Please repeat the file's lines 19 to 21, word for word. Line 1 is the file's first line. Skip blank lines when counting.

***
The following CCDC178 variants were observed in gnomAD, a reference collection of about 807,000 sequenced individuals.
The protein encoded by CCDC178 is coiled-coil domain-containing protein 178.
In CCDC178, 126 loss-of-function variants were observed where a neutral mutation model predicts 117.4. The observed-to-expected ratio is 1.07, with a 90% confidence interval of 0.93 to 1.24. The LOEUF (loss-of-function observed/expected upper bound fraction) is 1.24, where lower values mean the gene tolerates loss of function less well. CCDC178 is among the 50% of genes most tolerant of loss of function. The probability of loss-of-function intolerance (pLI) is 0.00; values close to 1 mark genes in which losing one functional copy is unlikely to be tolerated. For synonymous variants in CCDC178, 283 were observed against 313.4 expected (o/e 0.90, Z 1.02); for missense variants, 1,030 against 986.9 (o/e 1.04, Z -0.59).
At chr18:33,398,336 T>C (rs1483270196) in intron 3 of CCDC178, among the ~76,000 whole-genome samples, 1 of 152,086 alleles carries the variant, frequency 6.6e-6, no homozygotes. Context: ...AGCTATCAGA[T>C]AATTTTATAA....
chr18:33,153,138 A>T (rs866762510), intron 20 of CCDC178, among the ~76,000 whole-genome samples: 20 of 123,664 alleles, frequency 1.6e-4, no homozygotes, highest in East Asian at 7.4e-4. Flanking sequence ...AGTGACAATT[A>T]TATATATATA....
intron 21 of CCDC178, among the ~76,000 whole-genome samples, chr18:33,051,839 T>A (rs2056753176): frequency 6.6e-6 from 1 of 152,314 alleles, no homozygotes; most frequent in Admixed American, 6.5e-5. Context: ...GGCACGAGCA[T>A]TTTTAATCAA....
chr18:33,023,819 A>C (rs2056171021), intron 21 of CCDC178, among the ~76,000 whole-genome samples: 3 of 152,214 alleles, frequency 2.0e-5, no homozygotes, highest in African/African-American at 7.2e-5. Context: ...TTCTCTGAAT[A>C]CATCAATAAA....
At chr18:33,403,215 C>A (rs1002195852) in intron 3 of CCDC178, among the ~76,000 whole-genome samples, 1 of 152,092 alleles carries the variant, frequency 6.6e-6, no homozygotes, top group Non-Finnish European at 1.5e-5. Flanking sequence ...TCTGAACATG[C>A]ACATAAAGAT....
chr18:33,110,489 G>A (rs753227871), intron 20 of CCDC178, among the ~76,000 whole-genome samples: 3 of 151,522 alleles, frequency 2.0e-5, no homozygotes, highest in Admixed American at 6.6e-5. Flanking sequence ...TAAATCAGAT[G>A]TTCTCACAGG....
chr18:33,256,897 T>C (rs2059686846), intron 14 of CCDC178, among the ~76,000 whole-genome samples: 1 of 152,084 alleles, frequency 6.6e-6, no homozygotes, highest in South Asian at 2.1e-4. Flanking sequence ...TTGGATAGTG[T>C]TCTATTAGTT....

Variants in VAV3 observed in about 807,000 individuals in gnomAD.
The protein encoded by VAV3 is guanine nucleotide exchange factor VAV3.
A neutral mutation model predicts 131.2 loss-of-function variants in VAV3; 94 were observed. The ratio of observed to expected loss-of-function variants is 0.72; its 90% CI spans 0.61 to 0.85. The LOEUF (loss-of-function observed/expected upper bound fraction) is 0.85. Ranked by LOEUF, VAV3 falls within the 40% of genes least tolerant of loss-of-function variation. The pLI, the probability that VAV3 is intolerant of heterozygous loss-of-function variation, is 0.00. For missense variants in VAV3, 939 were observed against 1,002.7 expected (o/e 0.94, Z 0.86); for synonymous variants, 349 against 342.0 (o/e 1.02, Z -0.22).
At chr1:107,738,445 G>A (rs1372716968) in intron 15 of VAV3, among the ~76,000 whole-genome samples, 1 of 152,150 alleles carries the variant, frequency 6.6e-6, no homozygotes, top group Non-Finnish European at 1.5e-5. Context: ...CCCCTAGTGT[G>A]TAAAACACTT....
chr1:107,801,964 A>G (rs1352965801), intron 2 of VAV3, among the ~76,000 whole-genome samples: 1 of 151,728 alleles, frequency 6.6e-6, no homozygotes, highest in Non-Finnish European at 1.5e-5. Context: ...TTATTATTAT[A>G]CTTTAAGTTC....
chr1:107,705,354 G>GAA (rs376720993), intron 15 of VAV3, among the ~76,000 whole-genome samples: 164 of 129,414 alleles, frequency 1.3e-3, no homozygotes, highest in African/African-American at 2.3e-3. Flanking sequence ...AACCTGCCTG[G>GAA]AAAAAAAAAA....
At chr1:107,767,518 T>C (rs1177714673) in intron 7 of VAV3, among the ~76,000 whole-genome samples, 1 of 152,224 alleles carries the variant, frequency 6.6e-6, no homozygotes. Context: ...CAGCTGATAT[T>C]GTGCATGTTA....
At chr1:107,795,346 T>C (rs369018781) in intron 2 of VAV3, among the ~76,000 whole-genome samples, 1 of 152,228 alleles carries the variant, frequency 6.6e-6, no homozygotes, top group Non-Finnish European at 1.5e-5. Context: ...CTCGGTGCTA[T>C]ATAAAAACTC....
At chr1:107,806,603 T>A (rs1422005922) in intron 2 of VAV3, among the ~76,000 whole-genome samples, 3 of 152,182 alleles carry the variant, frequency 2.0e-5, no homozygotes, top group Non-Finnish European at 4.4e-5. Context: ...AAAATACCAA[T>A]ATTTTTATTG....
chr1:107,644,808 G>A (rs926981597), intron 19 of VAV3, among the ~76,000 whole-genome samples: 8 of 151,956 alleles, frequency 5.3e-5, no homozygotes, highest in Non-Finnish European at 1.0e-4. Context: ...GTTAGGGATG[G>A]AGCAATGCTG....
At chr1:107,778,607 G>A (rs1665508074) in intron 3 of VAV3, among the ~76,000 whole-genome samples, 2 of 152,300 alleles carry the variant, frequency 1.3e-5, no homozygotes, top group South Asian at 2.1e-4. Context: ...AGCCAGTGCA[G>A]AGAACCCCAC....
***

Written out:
At chr1:107,806,603 T>A (rs1422005922) in intron 2 of VAV3, among the ~76,000 whole-genome samples, 3 of 152,182 alleles carry the variant, frequency 2.0e-5, no homozygotes, top group Non-Finnish European at 4.4e-5. Context: ...AAAATACCAA[T>A]ATTTTTATTG....
chr1:107,644,808 G>A (rs926981597), intron 19 of VAV3, among the ~76,000 whole-genome samples: 8 of 151,956 alleles, frequency 5.3e-5, no homozygotes, highest in Non-Finnish European at 1.0e-4. Context: ...GTTAGGGATG[G>A]AGCAATGCTG....
At chr1:107,778,607 G>A (rs1665508074) in intron 3 of VAV3, among the ~76,000 whole-genome samples, 2 of 152,300 alleles carry the variant, frequency 1.3e-5, no homozygotes, top group South Asian at 2.1e-4. Context: ...AGCCAGTGCA[G>A]AGAACCCCAC....